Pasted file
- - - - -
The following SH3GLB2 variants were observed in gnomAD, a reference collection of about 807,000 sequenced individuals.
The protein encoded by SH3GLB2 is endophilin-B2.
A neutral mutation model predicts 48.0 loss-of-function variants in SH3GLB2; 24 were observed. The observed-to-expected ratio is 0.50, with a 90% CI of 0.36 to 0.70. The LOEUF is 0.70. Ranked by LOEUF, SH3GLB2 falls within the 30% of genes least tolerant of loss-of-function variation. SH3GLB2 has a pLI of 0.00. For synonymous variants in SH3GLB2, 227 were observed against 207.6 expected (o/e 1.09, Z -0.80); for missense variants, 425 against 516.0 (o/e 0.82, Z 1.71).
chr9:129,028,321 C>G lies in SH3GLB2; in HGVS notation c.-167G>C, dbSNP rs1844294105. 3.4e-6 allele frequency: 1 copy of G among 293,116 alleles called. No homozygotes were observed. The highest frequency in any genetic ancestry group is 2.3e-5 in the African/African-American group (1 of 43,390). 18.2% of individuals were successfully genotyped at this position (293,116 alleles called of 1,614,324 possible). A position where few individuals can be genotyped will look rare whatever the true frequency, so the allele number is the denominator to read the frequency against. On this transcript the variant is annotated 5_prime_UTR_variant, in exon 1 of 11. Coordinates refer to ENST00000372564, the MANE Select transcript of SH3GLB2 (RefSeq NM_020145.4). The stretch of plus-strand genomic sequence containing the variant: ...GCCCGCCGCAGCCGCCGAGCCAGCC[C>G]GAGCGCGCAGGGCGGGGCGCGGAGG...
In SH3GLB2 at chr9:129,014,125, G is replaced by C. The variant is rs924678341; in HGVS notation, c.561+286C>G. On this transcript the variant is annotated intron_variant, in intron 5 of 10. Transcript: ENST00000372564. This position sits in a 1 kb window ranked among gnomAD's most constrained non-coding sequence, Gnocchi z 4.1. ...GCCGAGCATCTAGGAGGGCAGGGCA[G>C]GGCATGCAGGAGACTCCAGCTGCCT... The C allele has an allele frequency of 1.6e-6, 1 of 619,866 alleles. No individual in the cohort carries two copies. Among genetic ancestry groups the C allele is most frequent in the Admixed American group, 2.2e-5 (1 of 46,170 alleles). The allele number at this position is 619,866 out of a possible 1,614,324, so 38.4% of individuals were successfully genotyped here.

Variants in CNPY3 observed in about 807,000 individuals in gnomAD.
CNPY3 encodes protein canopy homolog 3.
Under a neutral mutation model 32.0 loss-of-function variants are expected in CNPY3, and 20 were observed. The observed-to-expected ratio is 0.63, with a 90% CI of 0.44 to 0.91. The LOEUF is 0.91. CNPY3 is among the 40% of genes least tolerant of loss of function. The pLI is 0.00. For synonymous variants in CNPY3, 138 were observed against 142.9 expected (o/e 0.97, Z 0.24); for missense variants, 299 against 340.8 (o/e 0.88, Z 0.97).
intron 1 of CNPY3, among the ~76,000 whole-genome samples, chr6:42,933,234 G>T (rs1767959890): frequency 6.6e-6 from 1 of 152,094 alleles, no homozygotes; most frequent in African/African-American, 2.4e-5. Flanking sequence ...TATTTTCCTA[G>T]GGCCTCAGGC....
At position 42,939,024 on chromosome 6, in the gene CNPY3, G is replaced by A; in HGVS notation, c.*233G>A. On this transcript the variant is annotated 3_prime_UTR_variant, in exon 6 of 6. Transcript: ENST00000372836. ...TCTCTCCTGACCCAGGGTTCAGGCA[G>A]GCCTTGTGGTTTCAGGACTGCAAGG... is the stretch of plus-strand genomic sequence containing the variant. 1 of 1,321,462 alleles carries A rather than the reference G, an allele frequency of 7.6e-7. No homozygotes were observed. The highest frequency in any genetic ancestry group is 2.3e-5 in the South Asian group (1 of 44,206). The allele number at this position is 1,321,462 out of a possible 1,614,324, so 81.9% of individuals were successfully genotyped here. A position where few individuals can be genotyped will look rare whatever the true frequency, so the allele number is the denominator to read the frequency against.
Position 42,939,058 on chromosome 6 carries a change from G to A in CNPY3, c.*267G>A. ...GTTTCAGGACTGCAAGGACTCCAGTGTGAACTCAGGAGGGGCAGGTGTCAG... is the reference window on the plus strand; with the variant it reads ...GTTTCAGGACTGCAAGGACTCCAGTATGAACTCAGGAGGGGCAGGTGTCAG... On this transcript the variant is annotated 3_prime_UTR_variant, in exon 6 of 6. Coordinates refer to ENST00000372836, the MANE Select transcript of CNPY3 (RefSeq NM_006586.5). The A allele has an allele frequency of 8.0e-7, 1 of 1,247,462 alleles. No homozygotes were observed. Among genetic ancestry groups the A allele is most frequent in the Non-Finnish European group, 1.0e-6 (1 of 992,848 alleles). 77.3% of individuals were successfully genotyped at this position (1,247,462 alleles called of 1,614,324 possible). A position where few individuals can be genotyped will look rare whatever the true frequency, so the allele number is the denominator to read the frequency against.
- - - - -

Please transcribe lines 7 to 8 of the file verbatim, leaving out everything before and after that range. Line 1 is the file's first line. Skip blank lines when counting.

CNPY3 encodes protein canopy homolog 3.
Under a neutral mutation model 32.0 loss-of-function variants are expected in CNPY3, and 20 were observed. The observed-to-expected ratio is 0.63, with a 90% CI of 0.44 to 0.91. The LOEUF is 0.91. CNPY3 is among the 40% of genes least tolerant of loss of function. The pLI is 0.00. For synonymous variants in CNPY3, 138 were observed against 142.9 expected (o/e 0.97, Z 0.24); for missense variants, 299 against 340.8 (o/e 0.88, Z 0.97).